• The City distributes a quarterly newsletter in the utility bills as well as on the City’s website and social media.

• The Citizen’s Academy is an annual program that is held each February. The program lasts 7 weeks and provides citizens with information about all the City Departments. Approximately 80 citizens have completed this program over the past 2 years.

• Coffee with the Mayor is held quarterly. This is an opportunity for the Mayor to share information about various topics within the City.

• Information is shared at many service groups throughout the year including Rotary, the Chamber of Commerce, Fernley Builders Association, and others. This will continue to keep the public informed about various topics.

Water Resource Plan and Water Conservation Plan

City Council set water management as a top priority for the last several years. Water resources are critical to the City of Fernley’s future. Staff is developing a basic Water Resource Plan focusing on limited resources in managing water. This plan will officially document and provide policy related to the City’s ability to provide long-term water supply to customers in periods of above and below snowpack and rain.

The Bureau of Reclamation reviewed the City of Fernley Water Conservation Plan and it meets the Mid-Pacific Region’s 2014 Standard requirements. The Plan shall be revised every 5 years beginning October 1, 2022.

Water is and will always be an issue in a state that receives little water. We live in a high desert called the Great Basin with an average rain fall of 6 to 8 inches a year. Growth relies on our available water and the conservation of this water. Up to now the city has used only ground water to service our customers, and the surface water has been going to Fallon or Pyramid Lake. City Council has directed staff to move forward with treating surface water. We believe that by using two sources of water we can improve the water, and be more efficient with our resources. There are costs associated with the treatment and storage upstream.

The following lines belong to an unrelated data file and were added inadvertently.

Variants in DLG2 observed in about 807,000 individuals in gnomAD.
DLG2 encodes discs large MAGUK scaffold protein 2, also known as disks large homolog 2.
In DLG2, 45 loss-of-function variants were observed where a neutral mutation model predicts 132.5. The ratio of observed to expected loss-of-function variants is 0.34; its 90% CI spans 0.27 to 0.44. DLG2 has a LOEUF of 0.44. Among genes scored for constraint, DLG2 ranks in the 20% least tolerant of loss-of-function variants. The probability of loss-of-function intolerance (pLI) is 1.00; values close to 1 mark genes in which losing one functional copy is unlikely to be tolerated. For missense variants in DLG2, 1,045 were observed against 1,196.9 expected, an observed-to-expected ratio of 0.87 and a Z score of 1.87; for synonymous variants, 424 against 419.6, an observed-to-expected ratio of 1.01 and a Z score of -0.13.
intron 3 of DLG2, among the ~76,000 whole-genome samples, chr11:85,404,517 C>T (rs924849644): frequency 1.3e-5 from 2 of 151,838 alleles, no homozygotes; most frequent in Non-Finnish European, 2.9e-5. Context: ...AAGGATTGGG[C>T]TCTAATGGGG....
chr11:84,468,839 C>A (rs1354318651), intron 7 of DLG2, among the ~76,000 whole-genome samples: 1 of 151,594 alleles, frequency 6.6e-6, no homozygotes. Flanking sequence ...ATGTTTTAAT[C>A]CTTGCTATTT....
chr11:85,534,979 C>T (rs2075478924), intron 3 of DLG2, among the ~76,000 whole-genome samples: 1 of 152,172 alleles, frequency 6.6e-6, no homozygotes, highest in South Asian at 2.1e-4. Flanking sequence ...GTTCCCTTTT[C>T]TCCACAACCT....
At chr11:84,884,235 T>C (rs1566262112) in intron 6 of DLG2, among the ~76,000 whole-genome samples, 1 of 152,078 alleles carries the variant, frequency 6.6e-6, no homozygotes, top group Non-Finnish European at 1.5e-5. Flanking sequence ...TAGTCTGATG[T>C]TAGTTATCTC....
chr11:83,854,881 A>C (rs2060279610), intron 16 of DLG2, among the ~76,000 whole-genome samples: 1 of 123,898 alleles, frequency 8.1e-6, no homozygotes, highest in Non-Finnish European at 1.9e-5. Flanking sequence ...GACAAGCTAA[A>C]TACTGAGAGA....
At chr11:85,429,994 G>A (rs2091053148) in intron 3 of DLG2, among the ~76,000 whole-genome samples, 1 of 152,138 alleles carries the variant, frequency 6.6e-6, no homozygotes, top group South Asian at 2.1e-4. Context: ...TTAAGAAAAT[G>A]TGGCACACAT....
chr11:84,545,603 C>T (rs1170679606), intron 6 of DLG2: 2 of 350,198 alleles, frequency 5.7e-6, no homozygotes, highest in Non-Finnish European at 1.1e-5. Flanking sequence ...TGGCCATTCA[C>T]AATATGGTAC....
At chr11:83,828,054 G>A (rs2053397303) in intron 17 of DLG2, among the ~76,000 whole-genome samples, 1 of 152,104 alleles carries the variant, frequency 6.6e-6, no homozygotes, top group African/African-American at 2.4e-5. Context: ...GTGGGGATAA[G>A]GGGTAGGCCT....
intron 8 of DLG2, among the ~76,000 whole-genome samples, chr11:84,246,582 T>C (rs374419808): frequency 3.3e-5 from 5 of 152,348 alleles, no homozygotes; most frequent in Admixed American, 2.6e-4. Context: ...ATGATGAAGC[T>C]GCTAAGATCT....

Transportation Plan

The City of Fernley is currently working on creating a transportation master plan. A transportation master plan is a guiding document for how traffic moves through the community. It is a critical document for any community and is extremely helpful when dealing with proposed development.

After ten years the City awarded a contract to replace Hardie Lane with new sidewalks, bike lanes, utilities and roadway. This project has a price tag of over five million dollars. The city receives about $650,000 from the RTC funds each year. In addition, the city has been applying slurry mix on roadways to extend the usable life.

We are working with NDOT and the industrial park owner to complete the connection of Highway 50 to interstate Highway 80 via Nevada Pacific Parkway.

Water Meter Replacement Citywide

In 2013, Council directed Public Works to upgrade to a remote meter reading system. Currently, staff drives a route across the City to read all the meters in the City. The remote system is an industry standard. Meter reads are taken remotely without the need for a truck mounted unit, this will allow meters to be read in “real time.” New software can be used to track and graph a customer’s usage (like NV Energy graphs) which is a great tool for addressing high usage complaints and disputes. This new system will allow us to use one meter for two homes, saving the community money for installation and maintenance.

Sewer System

The sewer master plan is ten years old. Staff is working on many upgrades. Donner trails lift station was completed last year, and this will allow growth in that area. East lift station had major work on it that was badly needed and we have planned a grit chamber replacement this next year. Note 80 percent of the wastewater is pumped to this station daily.

Good news from the transient lodging tax – we used part of the money to buy eight plus acres for a new convention/civic center. Lyon County is going to build a new senior center on this site. This shows a willingness to work with other entities.

Construction has picked up with new homes being built at a rate of approximately 200 per year. For the first time, in over 8 years, we are seeing new construction in the industrial park. Polaris is building a new distribution center, which will create 75 new jobs. In addition, EDAWN 7 and the industrial park owners are in negotiations for two to three more large businesses at the park.

Current Grants

The City is currently working on approximately $740,000 in grant projects; all five of these grants have been funded through the Community Development Block Grant program. None of these grants required a cash match from the City. These include sewer construction to the Depot, future community center design, and approximately $220,000 for Main Street Beautification.

Looking Ahead

Moving forward, Mayor, Council, and staff recommend continuing with the efforts to identify revenue streams and focusing on long-term planning, plan implementation, and municipal service delivery.

And to recap, currently I wish to impress on everyone the need to stay the course and remember the following. The commitment by this Mayor, Council and staff to improve the community and the lives of its citizens remain as a driving force, but the reality is we have to accept that what we need or want must be fulfilled in phases, rather than all at once.

I would like to thank the City Council, Staff and the Community for your hard work, support, and effort in making Fernley a great place to live, work, and play. Thank you.

Leave a Reply

Your email address will not be published. Required fields are marked *